Hot answers tagged

24

Make the consequences of failure different and interesting. There currently seems to be this problem where either failed sneak = combat, and you go from suspense to violent action (and then it's not easy to get suspense back). Even if you make the penalty almost being caught by a big scary thing, it frames the consequences of failure in statted, fightable ...


17

The problem is that zombies are pretty strongly typecast into survival horror, so you have to do something which breaks the mold. Something should happen which doesn't fit the typical zombie game... something unusual and mysterious, which prompts investigation. The most basic idea is a cure. For example, make one character turn out to be immune, and have ...


16

Here's how I'd approach the concept of sneaking through a hostile city. Don't use single stealth rolls on their own. Instead, use series of rolls for each instance. Require two successes out of three checks to get across a section of the city, or perhaps use a system of rolling until three successes (good) or three failures (bad) are reached. This lets you ...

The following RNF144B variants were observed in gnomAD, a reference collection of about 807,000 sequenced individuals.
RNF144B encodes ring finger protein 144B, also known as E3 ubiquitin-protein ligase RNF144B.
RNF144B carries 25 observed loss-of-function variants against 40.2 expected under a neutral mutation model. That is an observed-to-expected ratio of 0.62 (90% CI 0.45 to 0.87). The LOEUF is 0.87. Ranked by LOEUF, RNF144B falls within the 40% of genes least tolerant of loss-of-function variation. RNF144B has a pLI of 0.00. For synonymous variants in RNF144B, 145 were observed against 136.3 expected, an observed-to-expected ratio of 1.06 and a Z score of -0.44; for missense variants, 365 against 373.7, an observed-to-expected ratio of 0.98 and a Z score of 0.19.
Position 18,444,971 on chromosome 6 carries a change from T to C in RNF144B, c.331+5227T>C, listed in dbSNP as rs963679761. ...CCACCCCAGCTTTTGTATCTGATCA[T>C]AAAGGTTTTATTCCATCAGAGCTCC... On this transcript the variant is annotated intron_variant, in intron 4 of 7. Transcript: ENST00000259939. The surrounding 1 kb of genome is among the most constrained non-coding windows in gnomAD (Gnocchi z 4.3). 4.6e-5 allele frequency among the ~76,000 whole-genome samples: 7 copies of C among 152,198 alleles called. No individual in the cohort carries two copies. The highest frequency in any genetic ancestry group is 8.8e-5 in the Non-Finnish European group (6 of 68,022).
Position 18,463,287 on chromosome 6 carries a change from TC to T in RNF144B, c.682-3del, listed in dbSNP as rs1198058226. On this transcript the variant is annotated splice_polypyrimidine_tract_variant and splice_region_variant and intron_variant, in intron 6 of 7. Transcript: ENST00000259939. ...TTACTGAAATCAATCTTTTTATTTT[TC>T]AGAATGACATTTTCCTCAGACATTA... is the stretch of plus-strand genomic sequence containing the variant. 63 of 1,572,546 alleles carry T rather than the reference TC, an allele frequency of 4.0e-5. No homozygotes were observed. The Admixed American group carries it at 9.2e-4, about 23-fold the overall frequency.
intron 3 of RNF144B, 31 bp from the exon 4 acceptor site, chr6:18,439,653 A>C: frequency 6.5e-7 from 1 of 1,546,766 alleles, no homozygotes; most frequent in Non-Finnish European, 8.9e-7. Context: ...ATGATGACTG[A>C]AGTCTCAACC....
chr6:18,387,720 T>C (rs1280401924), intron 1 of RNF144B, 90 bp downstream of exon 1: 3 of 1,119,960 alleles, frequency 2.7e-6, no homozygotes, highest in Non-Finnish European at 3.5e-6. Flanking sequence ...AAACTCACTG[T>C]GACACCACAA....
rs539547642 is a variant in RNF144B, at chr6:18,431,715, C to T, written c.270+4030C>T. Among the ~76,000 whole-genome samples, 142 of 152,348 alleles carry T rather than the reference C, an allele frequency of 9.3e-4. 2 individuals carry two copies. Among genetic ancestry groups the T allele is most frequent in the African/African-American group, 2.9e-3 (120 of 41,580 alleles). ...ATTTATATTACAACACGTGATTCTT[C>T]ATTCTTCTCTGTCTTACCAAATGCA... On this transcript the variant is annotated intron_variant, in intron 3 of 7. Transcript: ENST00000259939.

15

I agree that you need to show the players (i) that they will all die if they don't investigate, and (ii) if they do investigate, they may live. Here are some ideas. (i) Give a rather insane person a MacGuffin that makes the zombies avoid them like, well, a plague. This shows that there is something useful to discover. Since this person can wander around at ...


14

Being in quarantine means scarcity, but to emphasise desperation it has to be brought home by giving the players hard choices: There's only two doses of drug X and three patients need it or they'll die. Who do they save? There's time and competent people enough to either fix the air filtration system for Ward 6 or to keep the diagnostics lab running for ...


11